A coronavirus contact tracing app for England has edged a step closer with the launch of a new public trial, after months of delays.
The Isle of Wight will be at the helm once again alongside NHS volunteer responders across England from Thursday, followed next week by the London Borough of Newham, the Department of Health and Social Care (DHSC) said.
It comes after the Government ditched efforts to develop its own technology in June amid accuracy issues and concerns about privacy.
Health Secretary Matt Hancock first suggested it would be available in mid-May.
It features alerts based on postcode, letting users know the level of coronavirus risk in their district, as well as QR check-in for whenever a user visits a public venue.
Venues and locations will be able to generate a QR code via the gov.uk website.
If a user is told to self-isolate, a timer feature will help count down that period.
Despite initial hype, officials have warned that contact tracing apps are not a “silver bullet” for coronavirus but could support the NHS Test and Trace effort.
Its effectiveness will also rely on public uptake. Even in countries like Iceland where 38% of the population are reported to have downloaded the contact tracing app, one expert overseeing it told MIT Technology Review it was not a “game changer”.
Calculations from 100,000 simulations suggested a true positive rate of 69%, meaning around seven in 10 contacts who have been within two metres of a person who has tested positive will be correctly alerted.
A false positive rate of 45% however suggested that some 4.5 out of 10 people in close contact with someone but outside the two-metre boundary would be notified.
A spokesman for the department said: “Everyone receiving notifications that they have been close to a positive case is at risk of catching the virus – it would be irresponsible to suggest otherwise – they should take action, self-isolate and get tested.”
The calculations also suggested around a 30% false negative rate.
Regarding this figure, the department said it had worked with Google, Apple and the Alan Turing Institute to optimise the app and said the technology operates “in the same way as all other similar apps around the world and the level of accuracy is deemed to be as precise as human contact tracing”.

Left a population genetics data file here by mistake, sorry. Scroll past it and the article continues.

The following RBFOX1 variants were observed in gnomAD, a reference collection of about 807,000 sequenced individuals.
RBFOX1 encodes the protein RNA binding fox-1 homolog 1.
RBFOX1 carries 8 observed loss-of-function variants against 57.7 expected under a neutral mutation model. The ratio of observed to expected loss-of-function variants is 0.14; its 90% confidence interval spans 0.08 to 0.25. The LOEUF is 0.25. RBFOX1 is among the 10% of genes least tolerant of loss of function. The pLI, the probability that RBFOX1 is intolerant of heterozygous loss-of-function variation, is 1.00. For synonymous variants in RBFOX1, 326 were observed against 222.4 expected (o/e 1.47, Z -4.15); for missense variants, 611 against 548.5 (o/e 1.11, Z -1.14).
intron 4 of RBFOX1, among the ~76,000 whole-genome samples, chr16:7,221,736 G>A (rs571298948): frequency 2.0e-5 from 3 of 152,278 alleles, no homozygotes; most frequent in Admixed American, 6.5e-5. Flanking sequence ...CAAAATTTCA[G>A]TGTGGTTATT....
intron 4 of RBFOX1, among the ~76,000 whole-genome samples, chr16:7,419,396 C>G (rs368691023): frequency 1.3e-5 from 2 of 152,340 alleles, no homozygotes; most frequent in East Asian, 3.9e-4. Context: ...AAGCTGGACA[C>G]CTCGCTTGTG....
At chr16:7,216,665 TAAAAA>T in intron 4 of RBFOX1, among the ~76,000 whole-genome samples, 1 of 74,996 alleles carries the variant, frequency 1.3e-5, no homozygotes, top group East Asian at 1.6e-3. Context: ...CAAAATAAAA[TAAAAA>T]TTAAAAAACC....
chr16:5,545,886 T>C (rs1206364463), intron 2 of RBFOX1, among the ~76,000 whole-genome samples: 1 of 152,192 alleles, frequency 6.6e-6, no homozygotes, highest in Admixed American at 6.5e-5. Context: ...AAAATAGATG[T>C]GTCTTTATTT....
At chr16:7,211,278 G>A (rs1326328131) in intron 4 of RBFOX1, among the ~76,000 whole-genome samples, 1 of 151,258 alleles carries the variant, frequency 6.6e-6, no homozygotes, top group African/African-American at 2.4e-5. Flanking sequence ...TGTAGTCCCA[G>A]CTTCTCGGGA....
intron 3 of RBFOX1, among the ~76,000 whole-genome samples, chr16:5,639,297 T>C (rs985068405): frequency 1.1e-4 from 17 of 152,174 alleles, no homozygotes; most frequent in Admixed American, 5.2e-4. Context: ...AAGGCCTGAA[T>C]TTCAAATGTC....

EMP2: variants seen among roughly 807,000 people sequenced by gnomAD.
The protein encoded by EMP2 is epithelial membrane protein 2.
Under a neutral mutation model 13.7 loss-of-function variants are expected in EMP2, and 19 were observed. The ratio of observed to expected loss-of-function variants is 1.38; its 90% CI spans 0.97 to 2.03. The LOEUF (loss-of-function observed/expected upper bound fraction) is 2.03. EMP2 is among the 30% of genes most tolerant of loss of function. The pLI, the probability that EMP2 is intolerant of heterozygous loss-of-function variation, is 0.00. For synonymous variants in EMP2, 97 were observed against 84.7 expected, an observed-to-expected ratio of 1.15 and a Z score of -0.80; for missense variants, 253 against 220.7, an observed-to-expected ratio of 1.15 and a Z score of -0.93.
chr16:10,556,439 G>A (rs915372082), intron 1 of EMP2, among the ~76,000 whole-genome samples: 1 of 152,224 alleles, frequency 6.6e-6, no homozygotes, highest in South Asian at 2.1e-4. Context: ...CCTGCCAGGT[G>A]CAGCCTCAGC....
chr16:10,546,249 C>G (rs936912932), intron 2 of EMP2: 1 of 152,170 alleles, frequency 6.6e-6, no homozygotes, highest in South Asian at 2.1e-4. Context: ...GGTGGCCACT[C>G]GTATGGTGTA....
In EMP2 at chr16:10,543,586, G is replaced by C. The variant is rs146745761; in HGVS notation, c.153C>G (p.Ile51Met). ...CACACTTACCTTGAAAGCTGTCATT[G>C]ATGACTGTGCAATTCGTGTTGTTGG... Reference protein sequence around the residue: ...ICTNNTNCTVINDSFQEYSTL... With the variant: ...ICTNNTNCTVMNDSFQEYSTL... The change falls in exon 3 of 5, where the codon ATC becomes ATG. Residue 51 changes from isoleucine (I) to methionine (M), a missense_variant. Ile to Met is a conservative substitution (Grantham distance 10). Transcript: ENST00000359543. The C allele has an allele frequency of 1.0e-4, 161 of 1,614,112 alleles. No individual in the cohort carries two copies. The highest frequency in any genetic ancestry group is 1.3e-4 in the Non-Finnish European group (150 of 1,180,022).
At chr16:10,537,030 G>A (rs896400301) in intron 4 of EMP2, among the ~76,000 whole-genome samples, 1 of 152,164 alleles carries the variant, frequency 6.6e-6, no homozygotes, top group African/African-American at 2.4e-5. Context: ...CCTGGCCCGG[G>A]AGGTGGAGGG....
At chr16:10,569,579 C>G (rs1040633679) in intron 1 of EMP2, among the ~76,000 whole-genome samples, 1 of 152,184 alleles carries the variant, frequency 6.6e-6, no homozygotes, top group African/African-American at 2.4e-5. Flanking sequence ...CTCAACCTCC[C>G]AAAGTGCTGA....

The spokesman added: “The app tells you about positive cases that you may not have not known about otherwise and complements the national NHS Test and Trace system.”
The app’s ability to detect a phone within a five-metre distance, either Android or Apple, is 99%.
The DHSC said its fresh attempt uses the latest security technology designed with user privacy in mind.
“We’ve worked with tech companies, international partners, privacy and medical experts to develop an app that is simple to use, secure and will help keep the country safe,” said Mr Hancock.
“Building on the feedback from the first phase, I want to thank Isle of Wight residents who will again play a vital national role in fighting this pandemic, joined by residents in Newham, London, and our incredible NHS volunteer responders.
“We are hugely grateful to everyone playing their part to rigorously test the new app and provide the foundation for a national rollout.”
It is still not clear when the Government intends to make the app more widely available across England, with those behind the app giving no firm timetable.
Changes can be made to the app on a weekly basis, according to user feedback during the trial.
Northern Ireland has already launched its own app, while Scotland is expected to have one by autumn.
“There is no silver bullet when it comes to tackling coronavirus,” said Dido Harding, executive chairwoman of the NHS Test and Trace programme.
“The app is a great step forward and will complement all of the work we are doing with local areas across the country to reach more people in their communities and work towards our vision of helping more people get back to the most normal life possible at the lowest risk.”